I don't smoke cigarettes and have always been cautious about breathing secondhand smoke, but I never worried too much if I inhaled a little of the stuff in a bar, a restaurant or a building entranceway in cities like New York where indoor-smoking bans have driven smokers onto the sidewalks. So I was surprised when I heard that the Centers for Disease Control and Prevention (CDC) had issued a warning advising anyone at risk of heart disease entirely to avoid indoor public spaces where smoking is allowed. According to the CDC, exposure to secondhand smoke for as little as 30 minutes can significantly increase your risk of heart attack.
The health risks posed by secondhand smoke are well documented, but what triggered the warning, which was published in the British Medical Journal and is sure to fire up the tobacco lobby, was a small study out of Helena, Mont. When the city passed an ordinance banning indoor smoking in 2002, Helena's only heart hospital recorded a 40% drop in the number of heart attacks (from an average of 40 per six months to just 24 in that city of 26,000). What's more, when a court order lifted the ban half a year later, the heart-attack rate bounced right back. Dr. Robert Shepard, who wrote the Helena study, offers this explanation: "There is laboratory evidence that secondhand smoke makes platelets stickier, causing clots and sending arteries into spasm--both of which can lead to heart attacks." The chemical reaction and the resulting damage occur quickly.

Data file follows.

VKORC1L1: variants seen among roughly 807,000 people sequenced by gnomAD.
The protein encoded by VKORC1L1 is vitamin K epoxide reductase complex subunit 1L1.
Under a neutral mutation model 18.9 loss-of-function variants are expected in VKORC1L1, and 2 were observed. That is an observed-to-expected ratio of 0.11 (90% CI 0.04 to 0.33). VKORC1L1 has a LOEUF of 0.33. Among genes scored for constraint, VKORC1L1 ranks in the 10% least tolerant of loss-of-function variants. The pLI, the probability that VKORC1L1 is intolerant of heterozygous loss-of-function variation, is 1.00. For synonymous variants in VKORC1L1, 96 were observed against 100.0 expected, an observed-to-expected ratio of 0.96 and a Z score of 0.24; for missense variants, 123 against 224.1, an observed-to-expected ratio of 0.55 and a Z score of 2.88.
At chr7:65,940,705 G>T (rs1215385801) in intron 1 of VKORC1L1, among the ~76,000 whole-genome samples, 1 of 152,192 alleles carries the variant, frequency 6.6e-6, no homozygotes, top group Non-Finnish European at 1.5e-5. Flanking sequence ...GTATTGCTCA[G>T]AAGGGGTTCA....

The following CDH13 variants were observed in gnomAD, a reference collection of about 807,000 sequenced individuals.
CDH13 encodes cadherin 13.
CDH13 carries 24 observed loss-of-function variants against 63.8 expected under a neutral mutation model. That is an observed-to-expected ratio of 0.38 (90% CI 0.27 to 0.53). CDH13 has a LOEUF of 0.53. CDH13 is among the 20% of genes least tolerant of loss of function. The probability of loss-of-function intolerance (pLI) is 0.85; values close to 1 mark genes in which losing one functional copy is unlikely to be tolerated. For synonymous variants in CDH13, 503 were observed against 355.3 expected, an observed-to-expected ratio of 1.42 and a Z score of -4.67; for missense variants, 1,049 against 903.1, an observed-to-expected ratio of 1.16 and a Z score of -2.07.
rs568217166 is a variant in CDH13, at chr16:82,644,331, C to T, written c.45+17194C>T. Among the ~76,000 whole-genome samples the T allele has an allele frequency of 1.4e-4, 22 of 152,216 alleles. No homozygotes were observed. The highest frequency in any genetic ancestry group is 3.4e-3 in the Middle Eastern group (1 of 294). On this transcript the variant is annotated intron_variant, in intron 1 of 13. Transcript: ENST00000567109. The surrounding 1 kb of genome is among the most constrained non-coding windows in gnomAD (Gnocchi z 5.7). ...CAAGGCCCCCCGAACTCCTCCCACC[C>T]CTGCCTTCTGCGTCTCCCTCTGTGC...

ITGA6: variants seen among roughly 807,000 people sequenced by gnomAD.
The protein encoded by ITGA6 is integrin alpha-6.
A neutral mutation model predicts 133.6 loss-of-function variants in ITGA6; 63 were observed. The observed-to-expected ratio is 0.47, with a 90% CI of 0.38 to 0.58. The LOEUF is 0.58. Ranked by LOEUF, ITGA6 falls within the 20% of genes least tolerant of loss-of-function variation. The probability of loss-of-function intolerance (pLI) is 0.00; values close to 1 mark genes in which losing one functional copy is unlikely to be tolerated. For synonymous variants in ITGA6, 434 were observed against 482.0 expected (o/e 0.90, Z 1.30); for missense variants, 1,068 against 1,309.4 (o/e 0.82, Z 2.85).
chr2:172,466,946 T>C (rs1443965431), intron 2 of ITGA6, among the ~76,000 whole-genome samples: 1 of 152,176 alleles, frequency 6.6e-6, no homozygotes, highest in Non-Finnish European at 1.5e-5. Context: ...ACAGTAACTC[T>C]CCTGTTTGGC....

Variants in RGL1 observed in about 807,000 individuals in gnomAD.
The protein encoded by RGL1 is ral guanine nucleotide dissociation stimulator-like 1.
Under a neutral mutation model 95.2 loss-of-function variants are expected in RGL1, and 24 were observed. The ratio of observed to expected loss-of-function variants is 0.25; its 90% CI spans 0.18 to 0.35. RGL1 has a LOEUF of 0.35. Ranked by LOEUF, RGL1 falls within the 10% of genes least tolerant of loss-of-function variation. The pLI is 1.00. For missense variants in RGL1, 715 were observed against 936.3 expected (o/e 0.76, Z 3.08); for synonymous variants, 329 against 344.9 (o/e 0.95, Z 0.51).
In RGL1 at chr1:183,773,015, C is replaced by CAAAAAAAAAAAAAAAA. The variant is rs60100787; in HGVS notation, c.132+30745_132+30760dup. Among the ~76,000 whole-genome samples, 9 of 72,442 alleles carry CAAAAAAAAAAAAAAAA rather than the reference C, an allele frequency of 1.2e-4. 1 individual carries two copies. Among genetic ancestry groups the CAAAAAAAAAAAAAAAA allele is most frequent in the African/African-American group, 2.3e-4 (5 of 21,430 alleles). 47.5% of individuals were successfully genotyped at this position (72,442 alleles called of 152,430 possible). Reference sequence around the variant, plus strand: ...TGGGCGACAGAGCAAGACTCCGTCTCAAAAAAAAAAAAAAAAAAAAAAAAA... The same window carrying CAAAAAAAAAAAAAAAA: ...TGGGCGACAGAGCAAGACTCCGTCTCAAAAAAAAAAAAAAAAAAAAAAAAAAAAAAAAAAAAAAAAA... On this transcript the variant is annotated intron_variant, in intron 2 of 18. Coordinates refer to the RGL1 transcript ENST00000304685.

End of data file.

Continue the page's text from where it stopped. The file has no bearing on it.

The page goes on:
Those findings could be significant. The CDC estimates that in the U.S., secondhand smoke causes 35,000 deaths a year from heart disease--a figure some experts believe will have to be revised upward, since 60% of Americans, smokers and nonsmokers, show biological effects of tobacco-smoke exposure. Shepard did offer some reassurance for city dwellers who have to pass through nicotine clouds every time they enter and leave an office building. Exposure for a few seconds probably doesn't do much harm, he says, because the toxins in cigarette smoke are quickly diluted in outside air. --With reporting by A. Chris Gajilan
Sanjay Gupta is a neurosurgeon and CNN medical correspondent